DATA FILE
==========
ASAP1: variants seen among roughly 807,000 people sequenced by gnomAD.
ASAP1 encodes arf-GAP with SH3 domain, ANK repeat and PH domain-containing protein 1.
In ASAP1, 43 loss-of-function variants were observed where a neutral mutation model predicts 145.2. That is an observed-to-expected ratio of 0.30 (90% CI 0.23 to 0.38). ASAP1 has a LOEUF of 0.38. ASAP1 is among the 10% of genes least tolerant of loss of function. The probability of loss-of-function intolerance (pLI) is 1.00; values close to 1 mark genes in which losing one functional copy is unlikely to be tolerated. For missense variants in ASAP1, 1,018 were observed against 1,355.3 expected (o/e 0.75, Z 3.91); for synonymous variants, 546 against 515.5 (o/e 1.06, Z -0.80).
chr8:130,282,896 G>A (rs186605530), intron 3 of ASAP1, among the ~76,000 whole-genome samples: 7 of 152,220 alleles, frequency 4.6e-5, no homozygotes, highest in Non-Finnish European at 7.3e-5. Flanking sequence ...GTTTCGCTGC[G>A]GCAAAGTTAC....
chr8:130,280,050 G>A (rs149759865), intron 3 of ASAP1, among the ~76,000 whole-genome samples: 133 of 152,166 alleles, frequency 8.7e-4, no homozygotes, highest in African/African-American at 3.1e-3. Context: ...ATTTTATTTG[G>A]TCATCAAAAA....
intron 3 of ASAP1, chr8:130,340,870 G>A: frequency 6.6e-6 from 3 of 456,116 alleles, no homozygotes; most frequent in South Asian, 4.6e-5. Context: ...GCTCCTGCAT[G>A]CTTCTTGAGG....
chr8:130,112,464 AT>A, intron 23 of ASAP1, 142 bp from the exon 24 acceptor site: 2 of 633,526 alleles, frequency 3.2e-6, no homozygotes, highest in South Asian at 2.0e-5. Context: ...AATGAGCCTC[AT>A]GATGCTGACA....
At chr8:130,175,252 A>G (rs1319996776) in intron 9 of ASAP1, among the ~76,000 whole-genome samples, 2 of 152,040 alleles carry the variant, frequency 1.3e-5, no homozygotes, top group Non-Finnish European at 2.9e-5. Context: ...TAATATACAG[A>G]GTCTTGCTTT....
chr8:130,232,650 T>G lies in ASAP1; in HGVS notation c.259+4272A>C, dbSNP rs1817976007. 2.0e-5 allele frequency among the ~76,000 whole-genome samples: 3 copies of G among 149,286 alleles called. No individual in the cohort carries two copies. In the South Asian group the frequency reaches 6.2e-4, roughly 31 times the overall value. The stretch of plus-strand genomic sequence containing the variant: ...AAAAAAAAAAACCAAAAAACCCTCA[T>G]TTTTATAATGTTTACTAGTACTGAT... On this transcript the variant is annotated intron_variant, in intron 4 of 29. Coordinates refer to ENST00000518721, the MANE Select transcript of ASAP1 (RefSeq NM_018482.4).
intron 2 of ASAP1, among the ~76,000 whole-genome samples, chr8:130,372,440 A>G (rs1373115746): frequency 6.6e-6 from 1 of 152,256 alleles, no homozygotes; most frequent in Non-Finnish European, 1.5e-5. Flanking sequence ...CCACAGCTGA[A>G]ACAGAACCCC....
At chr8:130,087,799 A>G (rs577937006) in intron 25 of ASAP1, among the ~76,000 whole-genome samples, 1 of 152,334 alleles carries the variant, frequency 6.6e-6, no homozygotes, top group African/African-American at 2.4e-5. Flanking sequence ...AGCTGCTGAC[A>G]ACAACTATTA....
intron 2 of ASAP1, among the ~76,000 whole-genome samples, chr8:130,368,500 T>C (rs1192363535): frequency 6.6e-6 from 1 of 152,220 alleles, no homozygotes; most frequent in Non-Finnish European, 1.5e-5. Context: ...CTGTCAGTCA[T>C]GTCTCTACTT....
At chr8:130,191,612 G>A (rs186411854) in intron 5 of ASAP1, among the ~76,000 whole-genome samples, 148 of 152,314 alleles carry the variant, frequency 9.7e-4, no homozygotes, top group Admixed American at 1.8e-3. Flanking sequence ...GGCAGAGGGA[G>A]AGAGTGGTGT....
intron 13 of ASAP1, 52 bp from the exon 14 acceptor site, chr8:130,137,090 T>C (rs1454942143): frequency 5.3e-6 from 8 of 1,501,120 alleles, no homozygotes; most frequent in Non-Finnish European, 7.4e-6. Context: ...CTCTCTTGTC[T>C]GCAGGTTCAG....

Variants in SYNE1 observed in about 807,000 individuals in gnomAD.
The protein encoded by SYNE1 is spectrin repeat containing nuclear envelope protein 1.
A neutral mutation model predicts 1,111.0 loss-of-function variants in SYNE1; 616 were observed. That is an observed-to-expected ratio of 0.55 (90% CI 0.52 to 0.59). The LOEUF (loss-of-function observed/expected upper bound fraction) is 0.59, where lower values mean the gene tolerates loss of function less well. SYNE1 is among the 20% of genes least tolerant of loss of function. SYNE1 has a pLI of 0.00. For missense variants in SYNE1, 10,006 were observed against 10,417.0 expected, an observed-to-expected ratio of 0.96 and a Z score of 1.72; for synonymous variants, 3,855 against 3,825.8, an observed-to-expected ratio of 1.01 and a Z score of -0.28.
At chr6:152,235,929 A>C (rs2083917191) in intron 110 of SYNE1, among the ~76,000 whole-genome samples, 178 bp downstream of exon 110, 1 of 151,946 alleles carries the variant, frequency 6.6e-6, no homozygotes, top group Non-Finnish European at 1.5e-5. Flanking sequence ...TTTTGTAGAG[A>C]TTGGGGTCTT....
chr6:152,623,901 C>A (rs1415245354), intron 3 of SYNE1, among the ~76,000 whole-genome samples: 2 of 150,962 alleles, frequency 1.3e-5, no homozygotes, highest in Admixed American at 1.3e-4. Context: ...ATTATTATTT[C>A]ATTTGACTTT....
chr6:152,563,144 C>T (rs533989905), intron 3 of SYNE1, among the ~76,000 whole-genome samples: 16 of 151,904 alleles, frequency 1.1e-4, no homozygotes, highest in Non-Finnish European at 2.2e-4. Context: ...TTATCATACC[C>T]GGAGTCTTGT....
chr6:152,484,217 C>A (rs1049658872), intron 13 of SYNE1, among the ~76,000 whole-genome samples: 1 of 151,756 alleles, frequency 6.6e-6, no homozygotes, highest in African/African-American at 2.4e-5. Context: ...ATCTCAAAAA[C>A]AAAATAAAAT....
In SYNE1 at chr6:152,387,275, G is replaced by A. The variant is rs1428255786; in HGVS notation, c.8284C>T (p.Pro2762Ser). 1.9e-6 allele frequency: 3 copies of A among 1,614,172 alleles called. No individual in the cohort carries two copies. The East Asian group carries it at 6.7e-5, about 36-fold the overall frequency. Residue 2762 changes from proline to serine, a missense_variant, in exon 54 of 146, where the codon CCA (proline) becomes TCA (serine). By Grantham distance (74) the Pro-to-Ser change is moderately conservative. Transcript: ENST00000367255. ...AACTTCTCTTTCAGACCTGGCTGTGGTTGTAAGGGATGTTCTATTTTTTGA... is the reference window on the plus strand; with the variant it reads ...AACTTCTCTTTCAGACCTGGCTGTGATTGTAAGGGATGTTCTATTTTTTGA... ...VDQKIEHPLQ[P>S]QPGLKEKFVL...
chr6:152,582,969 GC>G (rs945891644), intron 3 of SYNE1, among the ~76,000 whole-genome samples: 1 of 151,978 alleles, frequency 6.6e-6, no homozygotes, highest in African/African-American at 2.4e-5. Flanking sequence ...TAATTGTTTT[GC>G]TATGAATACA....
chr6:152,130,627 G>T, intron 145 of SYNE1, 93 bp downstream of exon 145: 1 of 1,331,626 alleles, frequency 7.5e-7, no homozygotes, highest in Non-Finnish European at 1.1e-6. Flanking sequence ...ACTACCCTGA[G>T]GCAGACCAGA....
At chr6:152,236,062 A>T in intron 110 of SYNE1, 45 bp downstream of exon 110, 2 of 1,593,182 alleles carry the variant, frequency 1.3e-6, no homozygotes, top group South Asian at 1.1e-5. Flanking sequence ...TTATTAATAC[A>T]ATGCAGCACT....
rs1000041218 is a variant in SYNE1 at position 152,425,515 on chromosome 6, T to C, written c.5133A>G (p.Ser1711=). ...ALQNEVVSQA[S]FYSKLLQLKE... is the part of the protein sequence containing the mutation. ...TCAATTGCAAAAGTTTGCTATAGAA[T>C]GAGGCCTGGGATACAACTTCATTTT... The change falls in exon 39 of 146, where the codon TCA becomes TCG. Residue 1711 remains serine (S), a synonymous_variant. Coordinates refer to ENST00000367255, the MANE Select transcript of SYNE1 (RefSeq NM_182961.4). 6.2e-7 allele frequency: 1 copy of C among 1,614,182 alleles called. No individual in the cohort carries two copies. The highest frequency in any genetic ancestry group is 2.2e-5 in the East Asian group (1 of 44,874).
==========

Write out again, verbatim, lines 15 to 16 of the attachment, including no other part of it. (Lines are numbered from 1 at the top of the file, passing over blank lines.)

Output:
Variants in SYNE1 observed in about 807,000 individuals in gnomAD.
The protein encoded by SYNE1 is spectrin repeat containing nuclear envelope protein 1.